once-scary glowing sapphires I wish
I’d inherited from him instead of
this III at the end of my name.
I never got the chance to wish him
a proper goodbye before he was taken from us,
of course, while he was making morning coffee.
I think maybe that’s a good thing.
I’d never want to trade my final
olfactory image of him I hang in my memory —
of cigarettes, motor oil and cans of Genny —
for some hospital room’s antiseptic memory
of my Old Man. For that, I’m glad…
I didn’t have to look.
A Father’s Day theme to my the latest exercise in my little arc expressing the what one might glean from one sense by using a different one. In this case I used Smell to express Sight. And what I wouldn’t give to get a good whiff of the Old Man one more time. And, yeah, that towhead in the snappy two-tone Thom McAn’s and snap-on bow tie is the same scribbling guy whose hair would turn black as Dad’s and then silver as Mom’s.
I must admit to feeling the chill
of a February day, followed by the scorch
of an August afternoon, repeated in
sine wave oscillations, like freezing
and flaming merry-go-round ponies,
when you spoke in my presence
that first time. You wouldn’t direct
your voice to me for quite a while afterward.
When you did, I became an ice cream cone
dipped in warm butterscotch,
inevitably, comfortably a puddle
of gooey sweetness. So odd for one
who spent life dispensing vinegary ripostes
to a bitter world of echoes
rippling one over another,
like a pond’s face in autumn rain.
Your voice became my favorite sweater,
warm, soft, an aural hug bringing me
everyday joy I too soon unraveled,
leaving me cold, frozen to the talk of others.
Their voices raveled into confusing,
cacophonous snarls, tripping and dropping me
into the dank well from which we were lifted
If you would speak to me one more time,
I’m might feel some similar feelings
to that first time, probably from fear
and embarrassment. Or perhaps deafened
numbness of a man who never listened
to his own words before they snipped
the knitted purls binding us together,
yarn by whispered yarn.
Poem Number Two in my self-imposed quest to express the senses by using a different sense. In this case I used Touch to express Hearing, though admittedly hearing something quite special that the speaker eventually lost to his own inability to listen.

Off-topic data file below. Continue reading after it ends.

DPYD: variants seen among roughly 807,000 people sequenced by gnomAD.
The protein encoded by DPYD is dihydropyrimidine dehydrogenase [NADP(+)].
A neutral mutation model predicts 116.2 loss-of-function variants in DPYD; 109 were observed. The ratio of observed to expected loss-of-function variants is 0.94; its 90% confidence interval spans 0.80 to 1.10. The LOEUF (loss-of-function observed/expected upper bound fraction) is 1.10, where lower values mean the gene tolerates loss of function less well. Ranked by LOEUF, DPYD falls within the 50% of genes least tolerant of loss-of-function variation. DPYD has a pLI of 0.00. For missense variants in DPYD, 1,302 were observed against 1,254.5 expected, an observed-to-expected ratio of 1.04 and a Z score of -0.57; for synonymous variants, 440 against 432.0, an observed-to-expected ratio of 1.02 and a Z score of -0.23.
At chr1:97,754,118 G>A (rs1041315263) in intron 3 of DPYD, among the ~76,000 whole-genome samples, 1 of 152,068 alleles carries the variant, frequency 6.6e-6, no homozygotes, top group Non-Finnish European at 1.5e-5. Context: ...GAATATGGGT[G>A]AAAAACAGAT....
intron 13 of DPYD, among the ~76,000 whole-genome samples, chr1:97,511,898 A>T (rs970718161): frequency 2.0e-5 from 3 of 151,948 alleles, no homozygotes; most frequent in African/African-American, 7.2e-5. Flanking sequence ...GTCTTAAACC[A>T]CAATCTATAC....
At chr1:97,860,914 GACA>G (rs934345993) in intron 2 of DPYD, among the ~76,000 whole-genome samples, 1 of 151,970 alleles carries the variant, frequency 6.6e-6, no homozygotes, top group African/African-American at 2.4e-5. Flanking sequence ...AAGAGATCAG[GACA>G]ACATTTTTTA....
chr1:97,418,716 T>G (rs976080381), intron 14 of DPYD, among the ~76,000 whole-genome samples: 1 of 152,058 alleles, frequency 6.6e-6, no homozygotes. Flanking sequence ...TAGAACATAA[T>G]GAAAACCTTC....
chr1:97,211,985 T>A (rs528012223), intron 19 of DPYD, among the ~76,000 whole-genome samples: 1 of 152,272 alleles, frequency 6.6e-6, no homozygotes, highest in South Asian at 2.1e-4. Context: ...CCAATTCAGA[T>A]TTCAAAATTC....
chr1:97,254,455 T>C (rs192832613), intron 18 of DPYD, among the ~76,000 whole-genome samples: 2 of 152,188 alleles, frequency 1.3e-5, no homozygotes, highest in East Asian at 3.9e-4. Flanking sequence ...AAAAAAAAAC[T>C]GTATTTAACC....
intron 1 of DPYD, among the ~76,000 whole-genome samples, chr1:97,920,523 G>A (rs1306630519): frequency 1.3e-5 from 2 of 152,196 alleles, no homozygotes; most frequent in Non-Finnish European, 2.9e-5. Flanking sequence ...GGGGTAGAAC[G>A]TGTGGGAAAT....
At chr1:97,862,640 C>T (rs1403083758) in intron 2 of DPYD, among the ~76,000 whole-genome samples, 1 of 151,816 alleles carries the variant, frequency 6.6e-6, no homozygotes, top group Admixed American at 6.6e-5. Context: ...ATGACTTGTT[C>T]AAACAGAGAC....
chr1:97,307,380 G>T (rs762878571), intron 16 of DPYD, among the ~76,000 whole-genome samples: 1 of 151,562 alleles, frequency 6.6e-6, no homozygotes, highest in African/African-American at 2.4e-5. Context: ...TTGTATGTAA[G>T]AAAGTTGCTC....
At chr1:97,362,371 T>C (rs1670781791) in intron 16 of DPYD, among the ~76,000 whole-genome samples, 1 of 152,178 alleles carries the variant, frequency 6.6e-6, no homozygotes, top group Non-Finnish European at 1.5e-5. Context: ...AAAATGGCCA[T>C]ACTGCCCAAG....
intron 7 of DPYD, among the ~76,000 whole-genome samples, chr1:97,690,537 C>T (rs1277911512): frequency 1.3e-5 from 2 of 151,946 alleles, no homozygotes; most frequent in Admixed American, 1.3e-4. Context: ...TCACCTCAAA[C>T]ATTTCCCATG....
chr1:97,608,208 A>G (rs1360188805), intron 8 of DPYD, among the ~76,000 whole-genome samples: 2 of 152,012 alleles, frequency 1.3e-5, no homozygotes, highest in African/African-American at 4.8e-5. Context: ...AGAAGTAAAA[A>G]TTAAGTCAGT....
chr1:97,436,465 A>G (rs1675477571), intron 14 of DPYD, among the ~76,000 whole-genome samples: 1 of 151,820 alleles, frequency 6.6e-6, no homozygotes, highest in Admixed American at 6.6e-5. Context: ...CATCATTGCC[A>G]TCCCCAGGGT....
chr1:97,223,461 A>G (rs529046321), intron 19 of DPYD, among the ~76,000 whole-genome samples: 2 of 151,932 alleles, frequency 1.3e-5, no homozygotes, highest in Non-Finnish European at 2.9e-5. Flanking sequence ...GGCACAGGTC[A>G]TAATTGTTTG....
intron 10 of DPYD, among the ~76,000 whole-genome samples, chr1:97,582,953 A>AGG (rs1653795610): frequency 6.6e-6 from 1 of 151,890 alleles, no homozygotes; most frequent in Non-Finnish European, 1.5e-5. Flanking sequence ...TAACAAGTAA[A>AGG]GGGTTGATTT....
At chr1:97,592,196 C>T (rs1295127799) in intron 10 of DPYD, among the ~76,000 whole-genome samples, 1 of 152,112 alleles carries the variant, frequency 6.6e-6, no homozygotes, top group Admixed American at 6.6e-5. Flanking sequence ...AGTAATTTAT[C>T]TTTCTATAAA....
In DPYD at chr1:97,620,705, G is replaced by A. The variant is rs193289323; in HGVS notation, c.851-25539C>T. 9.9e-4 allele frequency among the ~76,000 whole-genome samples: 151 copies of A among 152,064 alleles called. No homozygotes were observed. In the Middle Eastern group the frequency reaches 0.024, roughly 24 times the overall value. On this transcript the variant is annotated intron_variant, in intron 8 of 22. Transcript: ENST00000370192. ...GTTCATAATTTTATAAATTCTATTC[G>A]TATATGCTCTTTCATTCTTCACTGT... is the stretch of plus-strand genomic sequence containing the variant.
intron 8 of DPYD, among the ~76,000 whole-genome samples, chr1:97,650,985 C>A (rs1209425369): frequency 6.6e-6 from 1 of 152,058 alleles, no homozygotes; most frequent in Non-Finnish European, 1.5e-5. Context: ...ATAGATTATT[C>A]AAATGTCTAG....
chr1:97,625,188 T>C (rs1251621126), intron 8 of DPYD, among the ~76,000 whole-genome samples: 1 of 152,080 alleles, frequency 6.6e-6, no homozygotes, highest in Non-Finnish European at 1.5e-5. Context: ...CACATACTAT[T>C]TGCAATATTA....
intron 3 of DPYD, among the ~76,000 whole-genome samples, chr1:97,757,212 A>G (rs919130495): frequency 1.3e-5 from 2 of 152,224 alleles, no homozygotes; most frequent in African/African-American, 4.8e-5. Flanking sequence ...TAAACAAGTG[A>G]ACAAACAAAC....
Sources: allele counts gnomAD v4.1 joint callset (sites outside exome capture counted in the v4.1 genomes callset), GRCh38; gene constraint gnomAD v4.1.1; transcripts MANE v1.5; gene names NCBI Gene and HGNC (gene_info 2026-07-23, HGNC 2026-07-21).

It can start with a flash,
a silver-white blast of temporary blindness
you soon wish could extend
to all your senses. After that,
the place in its aurora of intensity
can be determined by its place on your body.
The burn on my wrist was a red-line jump
from the barracuda-bite of sightlessness
to its ember-cherry sizzle that I recall
six decades later. The blows to my head
started the same way, but left me with
an ultraviolet glow that drove me to the dark
so I could see how hurt I was.
When it constricted around my heart,
there was no light, no color you could see,
smothered as it was within.
It thundered as it rolled and echoed
it breathtaking way through a rainbow
and back again, driving me to the floor.
But since I cracked this flicker
of a gasp of a shell of my heart
with a piece of the ruins I helped
make of yours, it’s draped itself
in constant midnight, the numbing color
This piece begins a new arc of poems I want to try in which I offer impressions of the senses told in the language of other senses–but not name it except in the title. Or at least that’s the thing I’m willing to try.
Mollie (Photo © Joseph Hesch)
In our old days, driving southwest on I-88
somewhere between Albany and Oneonta,
my dozing young retriever Mollie would jerk
to wakefulness and jam her nose through
the gap in the passenger side window.
You’d hear her snort-snuff-snort
and see her body quiver all electric
in excitement over something I couldn’t see –
more than if she’d inhaled the arresting aroma
of a maverick hamburger a little kid dropped.
My Golden girl had picked up the pungency
of hamburger on the muck-caked hoof, though –
a dairy farm just behind the roadside trees.
With Mollie, it’s always scents before sights,
her canine early-warning system.
Yesterday Mollie snort-snuff-snorted
along a scent trail in our backyard head-first
into the chain link fence and then
into its fencepost. In her slowed-down age,
scents before sight had new meaning.
I never had such seeming prescient sagacity
with which I could sniff out upcoming instance.
Instead, I too-often raced headlong into
cowpies of woe on my way to I-knew-not-where.
Mollie and I have slowed down to sniff out more life.
Scents before sights, Joe.
Sense before sight.